17/08/2022

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One of the most important things to remember about the recurring questions around modern uses of the office is that measurability is key. You can provide the best productivity solutions, apply enterprise-grade security, install the best sensors and more, but unless you can measure and monitor exactly how those components are actually working and being used, you can’t make accurate forecasts or adapt to the fast-evolving sector. This means you can’t flex your service appropriately or align to tenant requirements, which may leave you either losing money or wasting money.

How do you find out what’s going across your spaces, buildings and overall portfolio? It can be a challenge to measure the right data. Mick Heys, VP of Future of WorkSpace and Imaging for IDC, Europe, tells the story of one flexible space provider that took an impressively pragmatic approach to this subject. They chose a single building from their portfolio, installed as many sensors as they could buy – from motion to temperature to CO2 – and measured everything they could think of.

Then came the clever part. They took this vast set of results and analysed them to identify what was meaningful and what wasn’t. They could then drastically reduce the number of sensors in the rest of their estate. In other words, they started with a whole load of data and transformed it into actionable information.

This was the holy grail. It enabled them to answer some important questions. How do occupiers feel? What is the employee experience like? Do we have a security issue? Can we predict when the building is going to be too busy? Does the food truck attract too many people on a particular day of the week – and should we move it to another day? It has completely changed the way they think.

Naturally extra data adds new levels of complexity, and many companies struggle to bring the information together in a digestible way. Deploying a digital backbone across a workspace portfolio – provides the foundation to generate deep insights and reports from across the asset and to react, at scale, to meet evolving customer needs.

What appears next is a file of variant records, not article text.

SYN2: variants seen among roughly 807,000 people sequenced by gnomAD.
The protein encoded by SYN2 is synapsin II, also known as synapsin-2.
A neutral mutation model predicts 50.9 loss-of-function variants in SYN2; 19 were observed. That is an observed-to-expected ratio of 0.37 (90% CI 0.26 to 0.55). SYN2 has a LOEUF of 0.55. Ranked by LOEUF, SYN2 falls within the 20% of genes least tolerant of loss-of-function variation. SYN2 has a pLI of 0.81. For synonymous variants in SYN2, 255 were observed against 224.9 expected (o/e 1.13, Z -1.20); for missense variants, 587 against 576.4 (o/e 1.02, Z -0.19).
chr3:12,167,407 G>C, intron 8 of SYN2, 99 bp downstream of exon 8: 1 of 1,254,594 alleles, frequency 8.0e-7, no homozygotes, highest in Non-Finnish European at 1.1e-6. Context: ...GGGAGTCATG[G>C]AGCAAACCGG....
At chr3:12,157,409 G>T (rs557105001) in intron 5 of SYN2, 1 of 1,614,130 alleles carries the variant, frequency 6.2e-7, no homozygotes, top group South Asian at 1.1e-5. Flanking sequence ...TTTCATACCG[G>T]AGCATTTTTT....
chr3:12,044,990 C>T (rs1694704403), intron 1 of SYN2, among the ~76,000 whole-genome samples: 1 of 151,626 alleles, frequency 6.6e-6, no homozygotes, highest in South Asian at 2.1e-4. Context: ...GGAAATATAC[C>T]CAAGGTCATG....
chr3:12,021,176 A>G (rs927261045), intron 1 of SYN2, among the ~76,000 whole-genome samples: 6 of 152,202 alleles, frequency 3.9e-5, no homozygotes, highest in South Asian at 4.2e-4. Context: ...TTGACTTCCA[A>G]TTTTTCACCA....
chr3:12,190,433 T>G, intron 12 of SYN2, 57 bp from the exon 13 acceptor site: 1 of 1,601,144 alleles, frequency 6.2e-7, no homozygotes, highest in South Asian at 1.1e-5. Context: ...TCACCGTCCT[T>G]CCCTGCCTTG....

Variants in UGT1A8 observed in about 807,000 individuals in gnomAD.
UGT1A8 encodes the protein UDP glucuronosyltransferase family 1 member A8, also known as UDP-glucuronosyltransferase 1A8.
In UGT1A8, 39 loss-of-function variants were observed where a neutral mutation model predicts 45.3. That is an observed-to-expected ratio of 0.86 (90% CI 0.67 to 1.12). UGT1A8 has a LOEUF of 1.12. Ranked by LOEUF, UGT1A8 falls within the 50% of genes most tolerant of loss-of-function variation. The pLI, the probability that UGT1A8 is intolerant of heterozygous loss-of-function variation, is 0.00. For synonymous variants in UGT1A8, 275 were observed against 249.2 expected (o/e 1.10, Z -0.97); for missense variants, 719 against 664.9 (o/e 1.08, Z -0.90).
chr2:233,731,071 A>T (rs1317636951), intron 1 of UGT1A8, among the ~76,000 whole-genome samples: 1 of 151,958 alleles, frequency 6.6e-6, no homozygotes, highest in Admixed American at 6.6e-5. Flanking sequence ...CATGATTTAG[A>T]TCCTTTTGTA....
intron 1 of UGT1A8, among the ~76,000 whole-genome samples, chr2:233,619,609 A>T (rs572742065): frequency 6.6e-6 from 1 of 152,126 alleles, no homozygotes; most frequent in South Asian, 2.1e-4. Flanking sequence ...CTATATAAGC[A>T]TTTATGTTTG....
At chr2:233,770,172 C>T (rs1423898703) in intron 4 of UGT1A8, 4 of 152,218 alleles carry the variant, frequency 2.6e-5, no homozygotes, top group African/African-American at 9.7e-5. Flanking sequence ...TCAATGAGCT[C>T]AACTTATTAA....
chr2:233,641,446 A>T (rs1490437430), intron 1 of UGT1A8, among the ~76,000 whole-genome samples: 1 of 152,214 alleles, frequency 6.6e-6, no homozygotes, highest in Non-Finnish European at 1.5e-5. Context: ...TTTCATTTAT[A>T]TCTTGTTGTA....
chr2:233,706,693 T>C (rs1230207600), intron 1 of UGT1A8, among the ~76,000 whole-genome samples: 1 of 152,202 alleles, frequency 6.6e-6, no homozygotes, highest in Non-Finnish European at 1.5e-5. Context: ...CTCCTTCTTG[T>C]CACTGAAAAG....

For example, if you measure Wi-Fi usage against meeting room bookings, you can tell whether someone is in a particular room. You don’t need a separate sensor to tell you. In turn, you can use the information in a smart way to predict future demand.

Of course, you must move carefully. Employees can’t feel like they’re under surveillance. The process must be seamless and comply with data privacy and security standards. But the bottom line is this: if you can analyse yesterday, identify what’s happening today, and pre-empt tomorrow’s requirements, you can make huge improvements to the in-building experience, retain tenants, and reduce vacancies.

Understanding how today’s occupiers are using spaces and services is critical to their success, however, being able to quickly adapt to those findings, without having to rely on outsourcing to technical teams is very powerful. Through intelligent network automation landlords and flexible space providers can simplify the delivery of digital services and activation of spaces across their buildings, spaces and portfolios, whilst having complete visibility of network activity and management from a central solution.

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